5. Complete at least 124 credits.
  6. Complete an academic major and minor, if required.

International Programs

Call 964-4473 or E-mail: oip@svsu.edu

The Office of International Programs works with incoming international students, American students interested in study abroad, and university and faculty exchanges. Students can earn SVSU credit while studying overseas through programs in Argentina, Australia, Austria, Chile, England, France, Germany, Ireland, Italy, Japan, Mexico, Poland, Spain, Taiwan, Turkey and other countries. Financial aid can be used to support these programs and foreign language is not required. More information is available at www.svsu.edu/studyabroad . The English Language Program, located in 214 Brown Hall, provides quality intensive English instruction and academic preparation to non-native speakers of English who are seeking to enroll at institutions of higher education in the United States. The ELP is a member of the American Association of Intensive English Programs. For more information, visit www.svsu.edu/intprog/esl.

Pre-Professional Studies


Saginaw Valley State University offers the necessary background courses for law school admissions, and our graduates with proper preparation have been successful in being accepted and graduating from accredited law schools. Law schools do not specify a particular major that students must complete as undergraduates. Consequently, any number of majors at SVSU can prepare students for the rigors of law school. To prepare for law school, students should take courses that develop their skills in the following areas:

  • Writing
  • Public Speaking
  • Logical Reasoning
  • Analytical Reasoning
  • Historical Research
  • Accounting Principles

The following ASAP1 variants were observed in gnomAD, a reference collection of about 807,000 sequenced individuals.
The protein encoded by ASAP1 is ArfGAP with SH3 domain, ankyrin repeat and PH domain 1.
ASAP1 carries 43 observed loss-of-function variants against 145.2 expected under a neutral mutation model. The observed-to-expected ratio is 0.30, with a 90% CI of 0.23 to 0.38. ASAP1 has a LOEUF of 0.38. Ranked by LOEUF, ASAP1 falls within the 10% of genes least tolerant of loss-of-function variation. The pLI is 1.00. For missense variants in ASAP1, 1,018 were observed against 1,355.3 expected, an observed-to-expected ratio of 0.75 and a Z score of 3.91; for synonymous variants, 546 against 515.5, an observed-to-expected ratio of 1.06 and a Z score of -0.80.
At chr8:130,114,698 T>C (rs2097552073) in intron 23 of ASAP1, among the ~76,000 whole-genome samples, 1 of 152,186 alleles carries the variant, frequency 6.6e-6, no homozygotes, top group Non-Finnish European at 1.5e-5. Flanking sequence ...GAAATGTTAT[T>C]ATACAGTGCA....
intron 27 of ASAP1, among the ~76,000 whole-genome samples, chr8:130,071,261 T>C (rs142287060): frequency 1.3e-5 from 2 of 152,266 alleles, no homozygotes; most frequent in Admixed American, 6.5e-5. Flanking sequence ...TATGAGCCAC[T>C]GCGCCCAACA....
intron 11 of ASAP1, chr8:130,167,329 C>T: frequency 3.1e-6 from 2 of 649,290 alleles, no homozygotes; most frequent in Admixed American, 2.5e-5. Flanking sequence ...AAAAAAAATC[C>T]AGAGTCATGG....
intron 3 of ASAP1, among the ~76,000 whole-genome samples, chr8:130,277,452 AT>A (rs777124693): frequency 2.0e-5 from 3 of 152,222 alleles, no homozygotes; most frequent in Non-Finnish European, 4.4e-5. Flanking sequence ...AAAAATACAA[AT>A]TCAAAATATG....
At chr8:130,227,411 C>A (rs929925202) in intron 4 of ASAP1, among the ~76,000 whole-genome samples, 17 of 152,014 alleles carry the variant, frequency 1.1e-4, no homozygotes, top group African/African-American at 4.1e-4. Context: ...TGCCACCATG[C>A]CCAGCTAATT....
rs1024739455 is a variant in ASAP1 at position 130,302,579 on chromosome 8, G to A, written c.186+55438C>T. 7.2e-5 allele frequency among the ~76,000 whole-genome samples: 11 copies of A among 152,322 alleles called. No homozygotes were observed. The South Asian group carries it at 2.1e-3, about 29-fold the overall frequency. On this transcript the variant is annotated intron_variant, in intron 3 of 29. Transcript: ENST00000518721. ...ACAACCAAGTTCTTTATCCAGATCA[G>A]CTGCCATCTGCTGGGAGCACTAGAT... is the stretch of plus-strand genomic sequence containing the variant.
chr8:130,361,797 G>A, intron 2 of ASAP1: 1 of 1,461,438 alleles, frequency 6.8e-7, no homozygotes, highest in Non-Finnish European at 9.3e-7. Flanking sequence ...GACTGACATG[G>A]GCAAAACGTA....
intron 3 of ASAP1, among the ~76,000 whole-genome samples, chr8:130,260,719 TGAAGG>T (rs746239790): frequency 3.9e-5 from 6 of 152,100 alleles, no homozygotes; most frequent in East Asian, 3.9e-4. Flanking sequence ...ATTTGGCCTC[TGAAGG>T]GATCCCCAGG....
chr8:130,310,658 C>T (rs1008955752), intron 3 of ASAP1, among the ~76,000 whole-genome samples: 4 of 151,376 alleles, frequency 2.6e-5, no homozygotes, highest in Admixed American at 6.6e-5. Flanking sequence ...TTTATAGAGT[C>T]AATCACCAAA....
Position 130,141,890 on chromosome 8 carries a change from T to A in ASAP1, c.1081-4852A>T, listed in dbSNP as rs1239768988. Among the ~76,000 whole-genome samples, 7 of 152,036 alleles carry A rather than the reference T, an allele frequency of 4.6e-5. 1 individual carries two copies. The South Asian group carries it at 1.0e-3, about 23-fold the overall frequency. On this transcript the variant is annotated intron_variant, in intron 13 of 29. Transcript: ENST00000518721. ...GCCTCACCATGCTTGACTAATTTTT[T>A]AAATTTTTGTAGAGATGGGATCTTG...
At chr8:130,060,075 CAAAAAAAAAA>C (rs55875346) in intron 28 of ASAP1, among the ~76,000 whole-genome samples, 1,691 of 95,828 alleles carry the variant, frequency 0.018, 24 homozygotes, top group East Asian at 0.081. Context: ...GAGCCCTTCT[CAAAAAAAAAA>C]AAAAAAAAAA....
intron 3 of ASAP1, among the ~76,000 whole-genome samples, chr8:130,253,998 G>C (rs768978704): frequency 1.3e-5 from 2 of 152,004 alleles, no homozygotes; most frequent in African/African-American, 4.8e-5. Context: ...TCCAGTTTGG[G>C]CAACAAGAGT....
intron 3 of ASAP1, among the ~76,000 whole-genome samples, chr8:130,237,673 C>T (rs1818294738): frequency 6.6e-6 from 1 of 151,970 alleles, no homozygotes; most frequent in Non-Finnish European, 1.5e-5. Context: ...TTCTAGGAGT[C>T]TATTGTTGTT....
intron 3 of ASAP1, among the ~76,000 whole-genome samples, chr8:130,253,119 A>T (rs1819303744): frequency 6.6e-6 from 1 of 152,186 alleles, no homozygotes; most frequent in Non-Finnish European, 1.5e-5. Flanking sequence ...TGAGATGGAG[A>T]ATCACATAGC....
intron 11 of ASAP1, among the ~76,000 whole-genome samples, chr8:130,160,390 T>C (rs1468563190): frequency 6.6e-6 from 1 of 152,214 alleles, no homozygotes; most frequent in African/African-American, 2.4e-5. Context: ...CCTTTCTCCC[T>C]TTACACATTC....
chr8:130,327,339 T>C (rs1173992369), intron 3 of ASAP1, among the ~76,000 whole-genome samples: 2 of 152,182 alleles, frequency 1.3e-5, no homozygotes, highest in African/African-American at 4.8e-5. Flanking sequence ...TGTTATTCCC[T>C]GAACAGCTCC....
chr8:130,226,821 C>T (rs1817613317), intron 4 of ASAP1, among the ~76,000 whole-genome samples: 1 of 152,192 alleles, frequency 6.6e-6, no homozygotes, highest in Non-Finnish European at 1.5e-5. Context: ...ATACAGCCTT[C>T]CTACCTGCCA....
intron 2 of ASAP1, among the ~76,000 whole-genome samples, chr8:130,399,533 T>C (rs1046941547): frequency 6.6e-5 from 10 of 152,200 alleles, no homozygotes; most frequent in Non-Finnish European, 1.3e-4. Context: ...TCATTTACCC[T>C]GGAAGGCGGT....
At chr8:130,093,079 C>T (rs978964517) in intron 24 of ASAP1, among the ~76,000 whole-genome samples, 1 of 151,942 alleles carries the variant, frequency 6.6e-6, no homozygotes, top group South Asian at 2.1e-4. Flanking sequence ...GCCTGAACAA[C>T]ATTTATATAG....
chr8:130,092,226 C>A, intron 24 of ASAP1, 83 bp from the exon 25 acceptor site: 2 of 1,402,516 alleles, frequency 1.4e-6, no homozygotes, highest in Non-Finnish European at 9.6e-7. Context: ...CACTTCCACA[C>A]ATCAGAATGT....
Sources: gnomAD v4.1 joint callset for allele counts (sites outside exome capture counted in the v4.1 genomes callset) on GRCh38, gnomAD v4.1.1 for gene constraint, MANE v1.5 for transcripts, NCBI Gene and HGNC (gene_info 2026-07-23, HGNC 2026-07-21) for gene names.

Several majors have served students well in the past as preparation for law school. They have become traditional choices and can serve SVSU students as the foundation for their law school plans. These majors include the following:

  • English
  • History
  • Communication
  • Management
  • Political Science
  • Accounting

Students interested in law school should speak with one of several faculty and staff members designated as prelaw advisors. A list of these people and of curriculum suggestions is available in the Academic Advisement Center, 117 Wickes Hall.

Pre-Medicine, Pre-Dentistry and Pre-Veterinary

Saginaw Valley State University offers all courses and advisement necessary to prepare the student for admission to medical, dental or veterinary school. Medical schools today are flexible about their requirements concerning the major field of study for the undergraduate student. However, most colleges have specific course requirements: one year of general chemistry, one year of organic chemistry, one year of biology, one year of physics and one year of English. (CHEM 111, 112; 111L, 112L; 230, 330, 231L, 331L; BIOL 111A, 111B, 111C; PHYS 111, 112; ENGL 111, 212.) Students interested in medicine as a career are advised to choose one of the many major fields of study offered by Saginaw Valley State University. Majors such as chemistry, biochemistry or biology particularly lend themselves to satisfying the specific course requirements noted above; however, if these courses are taken as electives, any other major also is suitable.

In addition, the student should take the appropriate Admissions Tests toward the end of the Junior year. Graduates of Saginaw Valley State University have been placed in all three of Michigan’s medical schools. Students interested in medicine and associated programs should contact the faculty advisor for pre-medicine no later than their first semester of attendance at SVSU.


Students who are considering a career in the ministry or priesthood should consult with a member of their chosen denominational clergy as soon as possible in order to learn more about the profession and its requirements and to assist in the selection of a seminary for postgraduate training (usually three years beyond the bachelor’s degree). Admission policies vary, but most seminaries will accept any undergraduate major as long as the student has broad-based training in the social sciences, humanities and natural sciences.

Recommended SVSU courses for pre-theological preparation include: HIST 111; MGT 321; PHIL 123, 210A/B, 315, 350; PSYC 100, 370; SOC 111, 360;, and COMM 105A. The faculty advisor for pre-theology can provide additional counseling and course selection assistance.